“When I was ten years old I went with my parents to the 1904 fair and to visit with our relatives.  Uncle Fletch and Aunt Ciddy had rented a large house in Webster Groves, a St. Louis suburb.  We stayed with them for maybe two weeks and we went to the fair almost every day and lived on hamburgers when we were there.  Uncle Fletch had a good location, across the midway from a show featuring famous Indian warriors who had been talked into going on exhibit, including the old apache, Geronimo.”

Kindree said the sandwich was named during the fair.  And both he and Grandpa Murchison said that Fletcher Davis was “interviewed by a fancy dan reporter for the New York Tribune who also asked about the fried potatoes served with thick tomato sauce.”  Mr. Davis told the reporter that the sandwich was his idea but he learned to cook the potatoes that way from a friend who lived in Paris, Texas.

Clint Murchison, Jr., quoted his grandfather as saying: “Apparently the 1904 reporter thought Old Dave said Paris, France, in referring to the way the potatoes were cooked.  For the New York Tribune story on the hamburger said the sandwich was served with french fried potatoes.”

James A. Cockrell, a longtime editor of the St. Louis Globe-Democrat, thinks that scornful persons of German descent in St. Louis named Fletcher Davis’ sandwich.  Mr. Cockrell wrote me:

“I read the McDonald’s hamburger researchers’ story that the hamburger sandwich was innovated by an unknown food vendor at the 1904 fair.  And it annoyed me that the New York Tribune reporter neglected to give the name of the innovator.  What kind of a newspaperman was that guy?

“There are many people of German descent in St. Louis.  I think these St. Louis Germans, or maybe only one of them, can be blamed for misnaming the magnificent Texas culinary creation - which deserves more a precise and flattering title.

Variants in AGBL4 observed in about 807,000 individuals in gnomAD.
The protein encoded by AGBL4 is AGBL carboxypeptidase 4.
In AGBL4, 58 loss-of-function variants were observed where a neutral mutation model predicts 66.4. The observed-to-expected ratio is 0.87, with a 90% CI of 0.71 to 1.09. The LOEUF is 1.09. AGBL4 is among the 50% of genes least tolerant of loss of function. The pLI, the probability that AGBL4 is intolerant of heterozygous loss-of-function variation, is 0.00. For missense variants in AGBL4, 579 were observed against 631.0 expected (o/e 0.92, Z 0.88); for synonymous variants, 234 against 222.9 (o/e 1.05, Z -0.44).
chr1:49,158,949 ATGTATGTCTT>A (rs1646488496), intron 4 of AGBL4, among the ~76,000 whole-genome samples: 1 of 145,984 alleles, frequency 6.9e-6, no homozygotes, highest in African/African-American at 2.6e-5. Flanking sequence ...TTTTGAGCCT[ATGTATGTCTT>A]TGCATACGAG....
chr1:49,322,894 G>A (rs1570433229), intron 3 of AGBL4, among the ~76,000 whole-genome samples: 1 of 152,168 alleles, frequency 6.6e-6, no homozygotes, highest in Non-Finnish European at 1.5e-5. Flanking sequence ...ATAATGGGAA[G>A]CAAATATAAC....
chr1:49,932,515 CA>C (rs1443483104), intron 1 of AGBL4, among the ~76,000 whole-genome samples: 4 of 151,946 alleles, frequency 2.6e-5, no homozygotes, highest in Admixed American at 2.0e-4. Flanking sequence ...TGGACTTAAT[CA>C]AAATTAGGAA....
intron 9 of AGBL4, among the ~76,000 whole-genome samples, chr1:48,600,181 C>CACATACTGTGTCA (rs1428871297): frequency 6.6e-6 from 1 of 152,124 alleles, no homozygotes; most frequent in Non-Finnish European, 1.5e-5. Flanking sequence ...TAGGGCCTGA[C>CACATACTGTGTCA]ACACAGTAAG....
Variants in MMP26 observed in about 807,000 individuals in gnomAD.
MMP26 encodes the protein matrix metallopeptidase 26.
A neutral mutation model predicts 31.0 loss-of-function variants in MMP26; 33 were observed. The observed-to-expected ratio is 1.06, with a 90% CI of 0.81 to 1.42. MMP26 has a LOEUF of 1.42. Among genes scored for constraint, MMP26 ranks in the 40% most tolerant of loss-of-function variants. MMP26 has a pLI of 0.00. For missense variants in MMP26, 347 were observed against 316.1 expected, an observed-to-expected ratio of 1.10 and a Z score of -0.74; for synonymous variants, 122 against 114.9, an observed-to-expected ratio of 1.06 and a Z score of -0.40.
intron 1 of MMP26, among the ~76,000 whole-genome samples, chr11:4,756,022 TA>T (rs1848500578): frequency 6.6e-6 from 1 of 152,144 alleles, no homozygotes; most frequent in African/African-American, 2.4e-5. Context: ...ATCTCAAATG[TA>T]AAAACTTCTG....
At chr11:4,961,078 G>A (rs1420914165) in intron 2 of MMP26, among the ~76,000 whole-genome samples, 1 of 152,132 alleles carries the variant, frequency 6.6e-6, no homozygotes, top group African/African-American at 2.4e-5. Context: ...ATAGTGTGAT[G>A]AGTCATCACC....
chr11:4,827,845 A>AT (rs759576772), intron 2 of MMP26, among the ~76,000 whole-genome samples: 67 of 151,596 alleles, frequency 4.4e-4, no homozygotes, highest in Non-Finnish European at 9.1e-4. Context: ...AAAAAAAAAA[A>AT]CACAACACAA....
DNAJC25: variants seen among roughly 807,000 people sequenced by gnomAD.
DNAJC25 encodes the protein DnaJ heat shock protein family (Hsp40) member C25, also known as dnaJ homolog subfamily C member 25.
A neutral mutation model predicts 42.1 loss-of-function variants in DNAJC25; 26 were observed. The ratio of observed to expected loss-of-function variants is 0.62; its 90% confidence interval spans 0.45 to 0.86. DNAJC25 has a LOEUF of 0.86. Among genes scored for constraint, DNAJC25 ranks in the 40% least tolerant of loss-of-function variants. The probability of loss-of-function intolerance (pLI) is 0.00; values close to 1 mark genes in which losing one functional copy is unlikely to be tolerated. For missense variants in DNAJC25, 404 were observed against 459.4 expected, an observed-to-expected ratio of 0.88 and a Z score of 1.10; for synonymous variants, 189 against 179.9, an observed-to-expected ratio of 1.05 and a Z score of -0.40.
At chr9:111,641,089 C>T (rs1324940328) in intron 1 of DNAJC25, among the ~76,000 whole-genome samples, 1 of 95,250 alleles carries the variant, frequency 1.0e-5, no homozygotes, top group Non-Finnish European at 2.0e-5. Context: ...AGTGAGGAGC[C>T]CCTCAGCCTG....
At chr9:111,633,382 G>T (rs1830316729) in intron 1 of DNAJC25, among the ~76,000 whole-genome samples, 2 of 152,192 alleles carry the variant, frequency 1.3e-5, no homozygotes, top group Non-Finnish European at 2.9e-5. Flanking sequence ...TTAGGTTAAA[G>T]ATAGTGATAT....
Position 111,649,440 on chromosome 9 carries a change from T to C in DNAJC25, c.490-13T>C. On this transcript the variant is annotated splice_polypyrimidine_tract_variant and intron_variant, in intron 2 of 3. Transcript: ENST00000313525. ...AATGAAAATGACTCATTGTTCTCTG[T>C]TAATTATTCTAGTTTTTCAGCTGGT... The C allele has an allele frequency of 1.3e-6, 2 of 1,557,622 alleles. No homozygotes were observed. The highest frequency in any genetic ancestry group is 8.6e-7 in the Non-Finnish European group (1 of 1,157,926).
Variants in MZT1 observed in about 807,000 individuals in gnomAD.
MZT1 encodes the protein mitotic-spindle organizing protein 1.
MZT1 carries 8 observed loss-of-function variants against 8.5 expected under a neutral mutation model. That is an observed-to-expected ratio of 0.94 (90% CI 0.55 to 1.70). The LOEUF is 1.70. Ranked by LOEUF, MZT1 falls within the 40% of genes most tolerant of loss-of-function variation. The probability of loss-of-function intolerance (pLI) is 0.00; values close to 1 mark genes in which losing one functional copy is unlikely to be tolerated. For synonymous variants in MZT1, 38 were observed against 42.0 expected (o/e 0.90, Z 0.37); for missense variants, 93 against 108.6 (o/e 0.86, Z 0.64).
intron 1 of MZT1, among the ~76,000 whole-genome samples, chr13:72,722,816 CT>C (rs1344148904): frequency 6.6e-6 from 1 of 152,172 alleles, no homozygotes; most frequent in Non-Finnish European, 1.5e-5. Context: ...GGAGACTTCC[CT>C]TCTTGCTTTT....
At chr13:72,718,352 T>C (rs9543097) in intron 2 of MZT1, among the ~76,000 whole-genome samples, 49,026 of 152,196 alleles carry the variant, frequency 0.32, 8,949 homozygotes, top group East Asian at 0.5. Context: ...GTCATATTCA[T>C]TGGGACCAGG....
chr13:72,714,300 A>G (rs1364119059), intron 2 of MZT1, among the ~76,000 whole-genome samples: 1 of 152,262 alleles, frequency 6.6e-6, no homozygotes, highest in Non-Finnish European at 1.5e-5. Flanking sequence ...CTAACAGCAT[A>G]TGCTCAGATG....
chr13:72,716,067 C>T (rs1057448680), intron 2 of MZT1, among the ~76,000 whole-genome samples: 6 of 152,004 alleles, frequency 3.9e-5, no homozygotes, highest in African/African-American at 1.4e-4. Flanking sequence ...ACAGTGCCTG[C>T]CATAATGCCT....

“In St. Louis I’ve heard from person, whose parents or grandparents came from the southern regions of Germany, say that northern Germans in the city of Hamburg were much given to eating ground meat, even in the distant past.  Other Germans disapproved of the Hamburg ground meat freaks, especially the Hamburg types who liked raw ground meat.  So the St. Louis Germans may have named the sandwich hamburger as a derisive gesture toward the barbaric, ground-meat gobblers in the city of Hamburg.  It is certain that the people of Hamburg never got around to making a ground-meat sandwich.  If they did it never caught on over there.”

In 1974 the New York Times ran a story in which one Kenneth Lassen claimed that his grandfather Louis Lassen “invented” the hamburger sandwich in 1900 in a small café in New Haven, Connecticut.  And Kenneth Lassen complained that “the birthplace of the American hamburger, a tiny restaurant called Louis Lunch, was in danger of being replaced by a twelve-story medical complex. . .”

The New York Times story admitted that “a serious challenge to the title is a theory supported by the McDonald’s Corporation, the nationwide hamburger chain.  McDonald’s historians have researched the problem and claim the inventor was an unknown food vendor at the St. Louis Fair in 1904.”

After this New York Times story was published I got a letter from a New Haven native, Neil E. Shay, now of Dallas.  He wrote:

“A pox on the New York Times for bulldozing honest facts out of the way.  Let me state that Looie (Louis Lassen) sold one fine steak sandwich but it was never a hamburger. “Up until I left the City of the Elms and New Ideas, New Haven, circa 1933, Louis Lassen was still serving this steak sandwich - never a hamburger.  It was probably beef off the rump, cut in thin slices.  And it was really something to take to bed with you around midnight after a social event.”

When he heard about the New Haven Preservation Trust having plans to declare “the dimly lit, twelve-by-eighteen, Louis Lunch building a historic landmark,” Clint Murchison, Jr., told me:

“Let’s face it: if we let the Yankees get away with claiming the invention of the hamburger sandwich they’ll be going after chili con carne next.  The New Haven claim as the birthplace of the American hamburger is a phony one, and the quicker they tear down that old building and raise the medical complex the better.”

Mr. Murchison is now planning a historic plaque at either Fletcher Davis’ grave in the Athens cemetery or at 115 Tyler Street on the Henderson County courthouse square where the first ground beef was put between two slices of bread, garnished with, according to Grandpa Murchison, ground mustard mixed with mayonnaise, a big slice of Bermuda onion, and sliced cucumber pickles.

“When Uncle Fletch and Aunt Ciddy returned from staying the duration at the World’s Fair there were several cafes making the new sandwich.  So Uncle Fletch went back to firing pots in our pottery.  He would cook hamburgers at picnics but he never reopened his little hamburger joint on the north side of the courthouse square,” said Kindree Miller.  “My uncle was proud of making the first hamburger sandwich but he never thought of commercializing on it.”